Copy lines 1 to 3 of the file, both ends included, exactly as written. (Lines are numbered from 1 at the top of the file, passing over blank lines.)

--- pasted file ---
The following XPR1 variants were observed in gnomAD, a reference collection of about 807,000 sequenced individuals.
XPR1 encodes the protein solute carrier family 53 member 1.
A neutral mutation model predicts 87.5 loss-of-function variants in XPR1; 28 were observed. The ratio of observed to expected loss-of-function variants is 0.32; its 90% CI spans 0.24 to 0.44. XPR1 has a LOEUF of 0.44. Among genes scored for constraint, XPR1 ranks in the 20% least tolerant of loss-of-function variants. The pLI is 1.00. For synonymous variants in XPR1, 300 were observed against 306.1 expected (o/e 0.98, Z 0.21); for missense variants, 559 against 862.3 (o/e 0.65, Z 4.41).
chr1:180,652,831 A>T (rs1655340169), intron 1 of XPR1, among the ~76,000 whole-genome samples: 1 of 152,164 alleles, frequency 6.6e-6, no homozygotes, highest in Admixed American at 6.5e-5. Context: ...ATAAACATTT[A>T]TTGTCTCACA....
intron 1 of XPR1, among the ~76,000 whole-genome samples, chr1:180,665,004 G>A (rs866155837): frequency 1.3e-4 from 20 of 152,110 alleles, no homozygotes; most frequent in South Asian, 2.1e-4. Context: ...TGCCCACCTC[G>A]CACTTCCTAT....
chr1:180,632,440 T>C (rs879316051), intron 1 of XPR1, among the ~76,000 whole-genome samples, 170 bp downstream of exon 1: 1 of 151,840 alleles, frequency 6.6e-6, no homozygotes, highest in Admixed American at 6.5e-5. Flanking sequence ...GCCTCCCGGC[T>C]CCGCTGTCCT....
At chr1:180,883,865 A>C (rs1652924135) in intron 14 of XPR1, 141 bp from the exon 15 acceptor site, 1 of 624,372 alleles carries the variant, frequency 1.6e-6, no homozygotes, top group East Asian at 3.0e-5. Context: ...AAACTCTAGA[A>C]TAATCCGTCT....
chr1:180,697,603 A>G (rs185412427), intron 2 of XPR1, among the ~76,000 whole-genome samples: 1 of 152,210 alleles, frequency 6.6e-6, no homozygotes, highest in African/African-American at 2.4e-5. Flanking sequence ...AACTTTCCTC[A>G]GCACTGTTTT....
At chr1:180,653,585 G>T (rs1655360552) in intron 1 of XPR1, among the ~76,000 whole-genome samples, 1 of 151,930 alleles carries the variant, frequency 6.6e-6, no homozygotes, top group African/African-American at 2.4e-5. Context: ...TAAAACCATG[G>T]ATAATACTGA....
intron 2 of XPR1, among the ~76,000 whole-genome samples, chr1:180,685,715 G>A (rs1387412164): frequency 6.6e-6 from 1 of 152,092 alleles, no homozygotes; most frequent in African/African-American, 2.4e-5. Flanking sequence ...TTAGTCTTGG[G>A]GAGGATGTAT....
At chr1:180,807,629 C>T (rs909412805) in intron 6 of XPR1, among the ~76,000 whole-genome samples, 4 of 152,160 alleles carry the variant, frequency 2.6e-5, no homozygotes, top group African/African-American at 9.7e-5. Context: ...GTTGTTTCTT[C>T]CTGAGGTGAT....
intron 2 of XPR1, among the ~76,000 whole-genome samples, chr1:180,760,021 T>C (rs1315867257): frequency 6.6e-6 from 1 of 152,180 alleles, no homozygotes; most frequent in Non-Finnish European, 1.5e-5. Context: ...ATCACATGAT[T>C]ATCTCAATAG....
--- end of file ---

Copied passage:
The following XPR1 variants were observed in gnomAD, a reference collection of about 807,000 sequenced individuals.
XPR1 encodes the protein solute carrier family 53 member 1.
A neutral mutation model predicts 87.5 loss-of-function variants in XPR1; 28 were observed. The ratio of observed to expected loss-of-function variants is 0.32; its 90% CI spans 0.24 to 0.44. XPR1 has a LOEUF of 0.44. Among genes scored for constraint, XPR1 ranks in the 20% least tolerant of loss-of-function variants. The pLI is 1.00. For synonymous variants in XPR1, 300 were observed against 306.1 expected (o/e 0.98, Z 0.21); for missense variants, 559 against 862.3 (o/e 0.65, Z 4.41).